Imagine a world with fewer and fewer hospitals jam-packed with healthcare students waiting in a line to receive hands-on clinical education with a qualified preceptor. Imagine the same world perfectly imbalanced by a poor recognition and reward system for the already overtasked clinical educator-healthcare provider (aka “superhero”).
**Disclaimer: If you imagine much further, you will crash into reality and end up on a hospital gurney repeating the same past medical, surgical, and social history five times to five different healthcare students. Not the patient experience and staff satisfaction scorecards I want at my hospital. Not to mention, the future ambassadors of our healthcare system deserve better!
Today there are approximately 25% less hospitals in the United States than there were in 1975. Truth be told, from a patient care perspective, we probably never needed so many money-losing healthcare institutions all along in order to serve our population and achieve our outcome goals. However, like most ecosystem disruptions, there are often unattended, and at times significantly negative consequences to certain essential species inhabiting the land – e.g., our healthcare students and our clinical educators.
Fast forward again from 1975 to today, the population in the United States has grown by approximately 112 million people, an increase of 35%. Naturally we would expect an increase in the amount of healthcare professionals and services available to match the needs of the growing population. For the most part, this is happening.
Over the past 10 years, total enrollment in U.S. allopathic medical schools is up 19%. Even more striking, over the same period of time, is the 72% increase in total enrollment of U.S. osteopathic medical schools. In 1991 there were 51 physician assistant programs in the United States, today there are 236, nearly 5x as many, and the number continues to grow. Coupled by a boom in nurse practitioner programs and a 41% increase in the number of basic nursing program seats (associates, diploma, and baccalaureate) from 2006 to 2016, the United States healthcare education system has done quite well to speed up the assembly line of healthcare professionals.
But just like a white coat is only as strong as the fabric from which it is made, the production of more healthcare training programs and students is only as beneficial to our healthcare system as the quality of the clinical experiences available.
At the 2015 American Academy of Physician Assistant (AAPA) meeting, it was reported that approximately 80% of physician assistant programs experience a shortage of clinical rotation sites with approximately 1/3 of these programs reporting that they “often” or “always” struggle to place students. Equally as concerning, data from the 2014 National League for Nursing’s Biennial Survey of Schools of Nursing demonstrated that 41% and 46% of BSN and masters nursing programs cited the “lack of clinical placement” is the main obstacle to capacity. Finally, as if we needed more data to support such a disconcerting trend, The Joint Report of the 2013 Multi-Discipline Clerkship/Clinical Training Site Survey demonstrated the vast majority of every responding M.D., D.O., N.P., and P.A. program cited they were “moderately” to “very” concerned about the number of clinical sites for their students in the future (range 80%-96%).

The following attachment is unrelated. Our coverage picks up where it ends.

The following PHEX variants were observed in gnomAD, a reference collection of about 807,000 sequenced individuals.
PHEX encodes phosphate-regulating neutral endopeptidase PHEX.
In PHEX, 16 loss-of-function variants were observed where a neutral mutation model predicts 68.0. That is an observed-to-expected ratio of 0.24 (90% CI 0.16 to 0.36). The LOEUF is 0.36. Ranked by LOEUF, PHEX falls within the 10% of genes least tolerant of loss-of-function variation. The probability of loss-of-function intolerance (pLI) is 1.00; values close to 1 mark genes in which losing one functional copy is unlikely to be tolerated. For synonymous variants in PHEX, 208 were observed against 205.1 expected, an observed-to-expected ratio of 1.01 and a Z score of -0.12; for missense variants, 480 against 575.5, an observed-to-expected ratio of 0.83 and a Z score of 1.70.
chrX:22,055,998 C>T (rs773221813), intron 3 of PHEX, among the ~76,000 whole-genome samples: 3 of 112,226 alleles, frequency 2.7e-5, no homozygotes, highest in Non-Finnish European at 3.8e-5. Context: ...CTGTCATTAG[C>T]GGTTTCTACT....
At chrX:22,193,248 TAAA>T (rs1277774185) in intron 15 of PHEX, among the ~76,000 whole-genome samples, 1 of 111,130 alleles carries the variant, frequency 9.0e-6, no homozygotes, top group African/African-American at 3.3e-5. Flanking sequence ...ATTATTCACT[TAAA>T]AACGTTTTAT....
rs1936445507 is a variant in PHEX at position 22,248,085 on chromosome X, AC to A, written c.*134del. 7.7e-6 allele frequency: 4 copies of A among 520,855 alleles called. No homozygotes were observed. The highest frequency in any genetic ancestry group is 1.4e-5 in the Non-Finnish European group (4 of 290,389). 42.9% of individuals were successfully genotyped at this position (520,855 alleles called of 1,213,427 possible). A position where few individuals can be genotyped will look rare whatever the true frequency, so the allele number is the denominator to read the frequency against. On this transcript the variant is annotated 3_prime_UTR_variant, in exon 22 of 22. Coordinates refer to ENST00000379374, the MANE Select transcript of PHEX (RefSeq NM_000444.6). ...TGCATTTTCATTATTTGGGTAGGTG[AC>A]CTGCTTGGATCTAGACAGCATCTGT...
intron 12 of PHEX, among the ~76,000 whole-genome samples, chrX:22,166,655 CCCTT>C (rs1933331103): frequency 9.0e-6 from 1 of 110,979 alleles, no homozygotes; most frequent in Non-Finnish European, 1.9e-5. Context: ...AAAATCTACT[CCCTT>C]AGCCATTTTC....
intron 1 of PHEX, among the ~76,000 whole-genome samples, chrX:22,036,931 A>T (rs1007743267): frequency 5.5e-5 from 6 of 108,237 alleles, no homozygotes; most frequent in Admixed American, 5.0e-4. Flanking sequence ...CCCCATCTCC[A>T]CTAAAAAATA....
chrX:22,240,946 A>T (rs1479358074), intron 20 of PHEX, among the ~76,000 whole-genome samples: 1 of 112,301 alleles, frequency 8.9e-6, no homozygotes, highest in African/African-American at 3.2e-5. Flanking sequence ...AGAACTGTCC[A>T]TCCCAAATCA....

Today we have less hospitals, more patients, and more healthcare students to educate. Hospitals and their clinical educators represent the life support of clinical education. The current state suggests that we (i) are at full capacity for educating our healthcare students, (ii) provide poor recognition and reward to the strained clinical educators that provide meaningful healthcare education and experiences to our students, and (iii) are amidst a clinical education bubble. Did I mention the looming healthcare shortage?
Without ample supply of high-quality clinical placements, the assembly line production of healthcare students cannot yield a quality, market-ready product so desperately needed by our patients. Further, without well trained healthcare students, there cannot be high-quality healthcare.
Clinical Rotation’s mission is to disrupt the current state by ensuring availability of high-quality clinical education and provide recognition and reward to the clinical educators that deliver it. Our trademarked marketplace platform for clinical rotations is our cure for the ailments plaguing healthcare education. Not only do we look forward to your partnership in order to succeed in our mission, furthermore we take pride in serving all the professions that care about the future of our healthcare system.